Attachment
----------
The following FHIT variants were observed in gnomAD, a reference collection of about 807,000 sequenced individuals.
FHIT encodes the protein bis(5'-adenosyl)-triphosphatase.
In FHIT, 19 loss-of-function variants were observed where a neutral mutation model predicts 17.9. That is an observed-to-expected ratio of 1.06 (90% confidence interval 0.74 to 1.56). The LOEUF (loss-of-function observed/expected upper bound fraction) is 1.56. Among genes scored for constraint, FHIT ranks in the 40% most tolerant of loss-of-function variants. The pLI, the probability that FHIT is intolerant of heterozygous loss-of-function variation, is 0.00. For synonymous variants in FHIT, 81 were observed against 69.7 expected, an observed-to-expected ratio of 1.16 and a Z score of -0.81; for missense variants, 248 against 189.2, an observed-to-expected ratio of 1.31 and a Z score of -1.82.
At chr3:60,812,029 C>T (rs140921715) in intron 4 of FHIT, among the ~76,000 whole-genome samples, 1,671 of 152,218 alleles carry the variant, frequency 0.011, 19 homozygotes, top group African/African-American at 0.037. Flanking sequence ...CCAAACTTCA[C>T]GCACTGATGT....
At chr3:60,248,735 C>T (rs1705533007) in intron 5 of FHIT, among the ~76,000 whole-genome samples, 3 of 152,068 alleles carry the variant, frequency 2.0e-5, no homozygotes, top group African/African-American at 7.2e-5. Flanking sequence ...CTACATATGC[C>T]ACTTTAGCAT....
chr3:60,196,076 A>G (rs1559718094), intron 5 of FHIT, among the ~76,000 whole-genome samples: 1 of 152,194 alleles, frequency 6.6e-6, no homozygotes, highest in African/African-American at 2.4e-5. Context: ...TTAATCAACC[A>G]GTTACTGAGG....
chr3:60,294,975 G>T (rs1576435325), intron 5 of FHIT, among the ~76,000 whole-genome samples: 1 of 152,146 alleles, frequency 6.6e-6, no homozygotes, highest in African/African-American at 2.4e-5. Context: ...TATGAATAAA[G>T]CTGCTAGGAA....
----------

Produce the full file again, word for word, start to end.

The following FHIT variants were observed in gnomAD, a reference collection of about 807,000 sequenced individuals.
FHIT encodes the protein bis(5'-adenosyl)-triphosphatase.
In FHIT, 19 loss-of-function variants were observed where a neutral mutation model predicts 17.9. That is an observed-to-expected ratio of 1.06 (90% confidence interval 0.74 to 1.56). The LOEUF (loss-of-function observed/expected upper bound fraction) is 1.56. Among genes scored for constraint, FHIT ranks in the 40% most tolerant of loss-of-function variants. The pLI, the probability that FHIT is intolerant of heterozygous loss-of-function variation, is 0.00. For synonymous variants in FHIT, 81 were observed against 69.7 expected, an observed-to-expected ratio of 1.16 and a Z score of -0.81; for missense variants, 248 against 189.2, an observed-to-expected ratio of 1.31 and a Z score of -1.82.
At chr3:60,812,029 C>T (rs140921715) in intron 4 of FHIT, among the ~76,000 whole-genome samples, 1,671 of 152,218 alleles carry the variant, frequency 0.011, 19 homozygotes, top group African/African-American at 0.037. Flanking sequence ...CCAAACTTCA[C>T]GCACTGATGT....
At chr3:60,248,735 C>T (rs1705533007) in intron 5 of FHIT, among the ~76,000 whole-genome samples, 3 of 152,068 alleles carry the variant, frequency 2.0e-5, no homozygotes, top group African/African-American at 7.2e-5. Flanking sequence ...CTACATATGC[C>T]ACTTTAGCAT....
chr3:60,196,076 A>G (rs1559718094), intron 5 of FHIT, among the ~76,000 whole-genome samples: 1 of 152,194 alleles, frequency 6.6e-6, no homozygotes, highest in African/African-American at 2.4e-5. Context: ...TTAATCAACC[A>G]GTTACTGAGG....
chr3:60,294,975 G>T (rs1576435325), intron 5 of FHIT, among the ~76,000 whole-genome samples: 1 of 152,146 alleles, frequency 6.6e-6, no homozygotes, highest in African/African-American at 2.4e-5. Context: ...TATGAATAAA[G>T]CTGCTAGGAA....